Many babies will bring up a small amount of milk after feeding and although you may find this concerning it is perfectly normal. Reflux, also referred to as regurgitation or posseting, is very common and affects nearly half of babies younger than 1 year. This usually gets better on its own in most babies by the end of the first year.

Reflux occurs with similar frequency in both breast fed and bottle fed babies and occurs because the muscular ring at the lower end of the food pipe (oesophagus) is not yet fully developed and it can allow the contents of the stomach to flow back into the food pipe when the stomach is full.

As long as baby is not showing signs of distress or discomfort and is not losing weight, there should not be any need to worry. If you are concerned, however, you should speak to your healthcare professional who can discuss your baby’s symptoms and general health, offer reassurance and support, and suggest some practical tips for effective management of reflux, such as:

  • Changes in feeding patterns. Try offering smaller more frequent feeds so that your baby’s tummy is not as full
  • Try to keep your baby in an upright position for about 20 minutes following a feed
  • Raise the head of your baby’s cot slightly
  • Wind your baby frequently between and after feeds
  • Try loosening the tabs on your baby’s nappy so that there is less pressure on a tummy full of milk.

If the symptoms do not improve, your healthcare professional may suggest trying a thickened (anti-reflux) milk formula or a medicine that thickens the stomach contents thus making it more difficult for the stomach contents to reflux into the food pipe.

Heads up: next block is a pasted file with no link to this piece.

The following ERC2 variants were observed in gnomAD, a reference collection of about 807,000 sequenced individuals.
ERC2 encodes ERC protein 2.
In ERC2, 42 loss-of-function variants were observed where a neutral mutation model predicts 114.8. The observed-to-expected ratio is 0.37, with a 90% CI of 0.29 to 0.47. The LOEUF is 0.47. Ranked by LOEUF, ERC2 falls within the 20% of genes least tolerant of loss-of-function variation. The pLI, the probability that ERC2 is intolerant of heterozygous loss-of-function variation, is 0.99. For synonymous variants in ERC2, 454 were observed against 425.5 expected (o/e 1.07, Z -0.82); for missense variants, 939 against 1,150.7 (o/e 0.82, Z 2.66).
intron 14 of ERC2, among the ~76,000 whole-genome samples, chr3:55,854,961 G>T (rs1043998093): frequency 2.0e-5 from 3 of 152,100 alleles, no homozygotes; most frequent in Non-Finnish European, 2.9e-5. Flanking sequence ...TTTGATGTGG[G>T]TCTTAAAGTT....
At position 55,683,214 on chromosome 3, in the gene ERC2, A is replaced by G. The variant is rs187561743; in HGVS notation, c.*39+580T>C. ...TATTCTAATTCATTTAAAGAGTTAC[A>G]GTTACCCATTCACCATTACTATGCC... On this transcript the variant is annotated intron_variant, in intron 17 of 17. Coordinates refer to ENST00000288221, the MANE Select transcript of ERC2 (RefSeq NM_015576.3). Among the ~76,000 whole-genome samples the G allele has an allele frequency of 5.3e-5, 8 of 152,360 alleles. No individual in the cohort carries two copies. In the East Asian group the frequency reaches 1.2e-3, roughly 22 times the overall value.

If these don’t work, other medicines that reduce the acidity of the stomach contents or that increase the stomach emptying time may be recommended.
More severe symptoms such as poor weight gain, excessive crying, feeding difficulties, food refusal, breathing problems or in some cases inflammation of the oesophagus, may require further intervention, tests and treatment. You should discuss these with your GP or paediatrician.


Babies that do experience reflux may also have difficulties when weaning onto solid food. These babies may find it difficult to progress from pureed foods to lumpier textures and finger foods. If your baby is having difficulty with weaning, you should speak to your healthcare professional who can provide appropriate help and guidance.

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